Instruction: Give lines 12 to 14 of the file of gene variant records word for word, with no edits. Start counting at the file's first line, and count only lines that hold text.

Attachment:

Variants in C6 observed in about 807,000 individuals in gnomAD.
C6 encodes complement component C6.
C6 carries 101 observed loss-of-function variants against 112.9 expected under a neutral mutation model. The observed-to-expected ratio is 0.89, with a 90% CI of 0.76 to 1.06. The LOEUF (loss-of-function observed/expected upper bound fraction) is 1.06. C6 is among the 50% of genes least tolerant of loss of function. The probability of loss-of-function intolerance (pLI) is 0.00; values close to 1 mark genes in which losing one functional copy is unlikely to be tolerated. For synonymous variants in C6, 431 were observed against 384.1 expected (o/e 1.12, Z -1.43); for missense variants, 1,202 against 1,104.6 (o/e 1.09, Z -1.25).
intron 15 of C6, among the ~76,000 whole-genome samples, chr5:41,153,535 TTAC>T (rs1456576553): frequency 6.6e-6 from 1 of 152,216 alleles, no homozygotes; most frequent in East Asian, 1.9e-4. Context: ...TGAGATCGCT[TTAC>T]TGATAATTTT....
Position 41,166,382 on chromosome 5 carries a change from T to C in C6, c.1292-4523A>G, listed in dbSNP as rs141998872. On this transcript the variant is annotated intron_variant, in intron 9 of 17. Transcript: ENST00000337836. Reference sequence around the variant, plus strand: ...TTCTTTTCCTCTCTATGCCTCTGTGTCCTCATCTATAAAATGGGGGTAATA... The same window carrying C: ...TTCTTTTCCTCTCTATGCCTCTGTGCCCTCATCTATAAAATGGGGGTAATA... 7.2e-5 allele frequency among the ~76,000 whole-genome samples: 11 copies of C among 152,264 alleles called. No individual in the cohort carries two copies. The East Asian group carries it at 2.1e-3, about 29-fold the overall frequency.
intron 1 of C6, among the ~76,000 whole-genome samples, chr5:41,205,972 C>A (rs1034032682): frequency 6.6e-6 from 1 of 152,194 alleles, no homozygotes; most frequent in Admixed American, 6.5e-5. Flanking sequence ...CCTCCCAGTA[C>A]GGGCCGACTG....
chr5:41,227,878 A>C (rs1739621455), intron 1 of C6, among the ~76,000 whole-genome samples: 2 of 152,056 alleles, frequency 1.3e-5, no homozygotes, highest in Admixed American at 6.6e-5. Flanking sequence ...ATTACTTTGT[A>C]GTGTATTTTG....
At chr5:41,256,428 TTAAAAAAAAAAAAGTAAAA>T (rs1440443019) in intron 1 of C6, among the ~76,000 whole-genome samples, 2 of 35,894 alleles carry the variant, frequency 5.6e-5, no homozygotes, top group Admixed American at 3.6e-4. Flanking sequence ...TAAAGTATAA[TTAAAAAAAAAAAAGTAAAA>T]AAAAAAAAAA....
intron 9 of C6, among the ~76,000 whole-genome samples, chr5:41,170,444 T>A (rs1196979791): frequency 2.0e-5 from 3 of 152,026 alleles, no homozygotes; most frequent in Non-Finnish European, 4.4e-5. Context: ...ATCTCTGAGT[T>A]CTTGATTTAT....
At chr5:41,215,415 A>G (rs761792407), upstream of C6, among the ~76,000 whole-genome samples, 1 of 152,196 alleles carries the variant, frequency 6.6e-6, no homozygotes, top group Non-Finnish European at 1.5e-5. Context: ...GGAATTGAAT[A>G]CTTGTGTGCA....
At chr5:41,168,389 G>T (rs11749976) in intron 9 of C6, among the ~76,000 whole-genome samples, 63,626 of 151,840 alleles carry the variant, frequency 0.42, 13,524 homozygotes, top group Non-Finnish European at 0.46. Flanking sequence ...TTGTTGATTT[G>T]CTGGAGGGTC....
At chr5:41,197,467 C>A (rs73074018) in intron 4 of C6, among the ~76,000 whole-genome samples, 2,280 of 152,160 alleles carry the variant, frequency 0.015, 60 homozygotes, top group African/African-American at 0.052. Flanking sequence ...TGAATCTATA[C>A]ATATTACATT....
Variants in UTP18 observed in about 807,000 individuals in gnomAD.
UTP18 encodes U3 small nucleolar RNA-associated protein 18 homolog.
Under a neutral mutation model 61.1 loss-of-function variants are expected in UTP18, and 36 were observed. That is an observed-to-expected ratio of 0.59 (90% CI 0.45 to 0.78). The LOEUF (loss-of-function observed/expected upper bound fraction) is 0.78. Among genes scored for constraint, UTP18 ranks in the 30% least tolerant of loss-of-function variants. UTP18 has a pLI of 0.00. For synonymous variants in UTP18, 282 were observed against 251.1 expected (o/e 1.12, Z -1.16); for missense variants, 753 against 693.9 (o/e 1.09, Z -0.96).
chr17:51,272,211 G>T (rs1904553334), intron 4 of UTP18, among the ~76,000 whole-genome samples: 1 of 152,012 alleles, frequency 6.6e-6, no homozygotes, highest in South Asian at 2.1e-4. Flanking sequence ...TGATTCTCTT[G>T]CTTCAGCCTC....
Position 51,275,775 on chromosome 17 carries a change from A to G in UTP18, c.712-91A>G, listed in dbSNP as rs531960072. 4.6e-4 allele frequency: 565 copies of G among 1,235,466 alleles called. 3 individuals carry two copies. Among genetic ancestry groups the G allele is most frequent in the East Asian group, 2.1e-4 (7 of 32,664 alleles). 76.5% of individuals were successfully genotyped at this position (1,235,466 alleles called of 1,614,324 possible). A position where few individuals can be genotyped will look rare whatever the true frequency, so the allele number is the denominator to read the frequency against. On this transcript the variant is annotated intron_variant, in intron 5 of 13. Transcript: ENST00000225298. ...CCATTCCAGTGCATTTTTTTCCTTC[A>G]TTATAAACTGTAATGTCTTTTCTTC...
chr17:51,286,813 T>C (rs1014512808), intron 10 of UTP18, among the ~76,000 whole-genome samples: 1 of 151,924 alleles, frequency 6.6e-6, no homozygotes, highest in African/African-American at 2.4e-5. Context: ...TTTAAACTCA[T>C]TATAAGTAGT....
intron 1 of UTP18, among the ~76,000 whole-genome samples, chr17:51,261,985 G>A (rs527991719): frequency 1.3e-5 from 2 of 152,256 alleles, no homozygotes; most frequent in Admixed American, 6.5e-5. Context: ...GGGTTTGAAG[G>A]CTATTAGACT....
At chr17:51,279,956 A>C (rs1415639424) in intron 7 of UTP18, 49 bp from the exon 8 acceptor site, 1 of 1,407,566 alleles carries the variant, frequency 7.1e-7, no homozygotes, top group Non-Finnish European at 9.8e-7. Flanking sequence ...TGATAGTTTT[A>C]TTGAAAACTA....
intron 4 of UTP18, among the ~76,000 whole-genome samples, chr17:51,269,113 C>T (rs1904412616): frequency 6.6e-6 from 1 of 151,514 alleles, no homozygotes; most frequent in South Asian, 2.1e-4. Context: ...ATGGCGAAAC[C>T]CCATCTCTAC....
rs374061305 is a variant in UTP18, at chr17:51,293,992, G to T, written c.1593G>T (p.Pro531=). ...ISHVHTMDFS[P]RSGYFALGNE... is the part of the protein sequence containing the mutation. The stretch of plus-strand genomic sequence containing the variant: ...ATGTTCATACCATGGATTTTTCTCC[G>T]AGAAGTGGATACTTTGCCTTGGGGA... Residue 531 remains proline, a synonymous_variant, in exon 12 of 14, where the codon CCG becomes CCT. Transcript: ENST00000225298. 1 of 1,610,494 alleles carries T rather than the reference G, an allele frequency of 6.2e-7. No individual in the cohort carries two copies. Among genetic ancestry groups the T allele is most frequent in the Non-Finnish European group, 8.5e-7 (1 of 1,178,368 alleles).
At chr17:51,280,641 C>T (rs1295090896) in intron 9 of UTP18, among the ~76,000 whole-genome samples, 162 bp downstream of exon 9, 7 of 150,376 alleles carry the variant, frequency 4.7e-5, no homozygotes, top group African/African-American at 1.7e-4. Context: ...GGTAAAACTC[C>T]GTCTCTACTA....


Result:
At chr5:41,197,467 C>A (rs73074018) in intron 4 of C6, among the ~76,000 whole-genome samples, 2,280 of 152,160 alleles carry the variant, frequency 0.015, 60 homozygotes, top group African/African-American at 0.052. Flanking sequence ...TGAATCTATA[C>A]ATATTACATT....
Variants in UTP18 observed in about 807,000 individuals in gnomAD.
UTP18 encodes U3 small nucleolar RNA-associated protein 18 homolog.